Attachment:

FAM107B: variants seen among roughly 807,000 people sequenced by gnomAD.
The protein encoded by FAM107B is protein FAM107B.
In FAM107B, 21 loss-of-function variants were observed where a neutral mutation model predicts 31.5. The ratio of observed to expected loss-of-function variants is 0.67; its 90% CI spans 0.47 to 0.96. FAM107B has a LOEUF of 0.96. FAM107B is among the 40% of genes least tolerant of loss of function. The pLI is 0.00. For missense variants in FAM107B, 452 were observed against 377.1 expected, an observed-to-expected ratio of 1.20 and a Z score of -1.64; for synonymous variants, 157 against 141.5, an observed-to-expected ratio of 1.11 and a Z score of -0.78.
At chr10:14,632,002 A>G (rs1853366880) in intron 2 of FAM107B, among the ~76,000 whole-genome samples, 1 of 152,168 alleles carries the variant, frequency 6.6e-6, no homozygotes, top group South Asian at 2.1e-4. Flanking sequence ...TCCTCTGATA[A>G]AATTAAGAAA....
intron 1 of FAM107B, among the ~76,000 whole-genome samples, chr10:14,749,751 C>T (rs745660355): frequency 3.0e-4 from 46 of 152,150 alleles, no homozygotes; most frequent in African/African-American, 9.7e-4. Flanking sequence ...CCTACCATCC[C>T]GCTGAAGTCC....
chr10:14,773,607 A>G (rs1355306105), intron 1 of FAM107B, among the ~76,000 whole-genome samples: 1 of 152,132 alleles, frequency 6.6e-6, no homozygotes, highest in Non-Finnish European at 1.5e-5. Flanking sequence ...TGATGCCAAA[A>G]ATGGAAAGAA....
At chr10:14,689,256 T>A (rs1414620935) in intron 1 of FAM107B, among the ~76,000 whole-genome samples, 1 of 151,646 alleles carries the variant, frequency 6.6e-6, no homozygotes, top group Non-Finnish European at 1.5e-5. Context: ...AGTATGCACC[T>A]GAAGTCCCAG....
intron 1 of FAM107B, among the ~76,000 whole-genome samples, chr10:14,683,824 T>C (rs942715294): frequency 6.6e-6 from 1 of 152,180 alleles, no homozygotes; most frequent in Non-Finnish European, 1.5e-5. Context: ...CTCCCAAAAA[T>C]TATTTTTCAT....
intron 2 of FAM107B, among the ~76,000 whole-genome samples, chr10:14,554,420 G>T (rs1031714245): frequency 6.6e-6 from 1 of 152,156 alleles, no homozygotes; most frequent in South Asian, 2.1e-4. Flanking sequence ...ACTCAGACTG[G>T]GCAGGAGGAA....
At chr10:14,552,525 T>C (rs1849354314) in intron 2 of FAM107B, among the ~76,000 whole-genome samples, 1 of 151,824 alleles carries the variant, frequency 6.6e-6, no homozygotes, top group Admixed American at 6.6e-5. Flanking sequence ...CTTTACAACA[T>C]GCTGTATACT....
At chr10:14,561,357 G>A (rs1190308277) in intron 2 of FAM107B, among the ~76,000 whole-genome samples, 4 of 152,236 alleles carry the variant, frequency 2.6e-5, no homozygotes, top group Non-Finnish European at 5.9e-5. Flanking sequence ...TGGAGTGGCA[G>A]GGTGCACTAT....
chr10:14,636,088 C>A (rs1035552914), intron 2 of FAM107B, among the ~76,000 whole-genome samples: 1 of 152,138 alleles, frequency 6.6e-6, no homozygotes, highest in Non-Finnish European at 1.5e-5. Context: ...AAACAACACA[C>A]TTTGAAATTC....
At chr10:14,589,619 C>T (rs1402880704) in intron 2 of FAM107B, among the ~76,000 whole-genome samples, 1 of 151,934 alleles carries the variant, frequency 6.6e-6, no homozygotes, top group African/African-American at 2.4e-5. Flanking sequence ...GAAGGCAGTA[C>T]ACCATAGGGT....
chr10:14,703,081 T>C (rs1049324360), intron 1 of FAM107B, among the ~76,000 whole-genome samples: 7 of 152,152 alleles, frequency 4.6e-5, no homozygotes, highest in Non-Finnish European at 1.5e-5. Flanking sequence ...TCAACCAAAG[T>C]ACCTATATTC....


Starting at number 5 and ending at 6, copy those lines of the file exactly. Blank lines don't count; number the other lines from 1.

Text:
intron 1 of FAM107B, among the ~76,000 whole-genome samples, chr10:14,749,751 C>T (rs745660355): frequency 3.0e-4 from 46 of 152,150 alleles, no homozygotes; most frequent in African/African-American, 9.7e-4. Flanking sequence ...CCTACCATCC[C>T]GCTGAAGTCC....
chr10:14,773,607 A>G (rs1355306105), intron 1 of FAM107B, among the ~76,000 whole-genome samples: 1 of 152,132 alleles, frequency 6.6e-6, no homozygotes, highest in Non-Finnish European at 1.5e-5. Flanking sequence ...TGATGCCAAA[A>G]ATGGAAAGAA....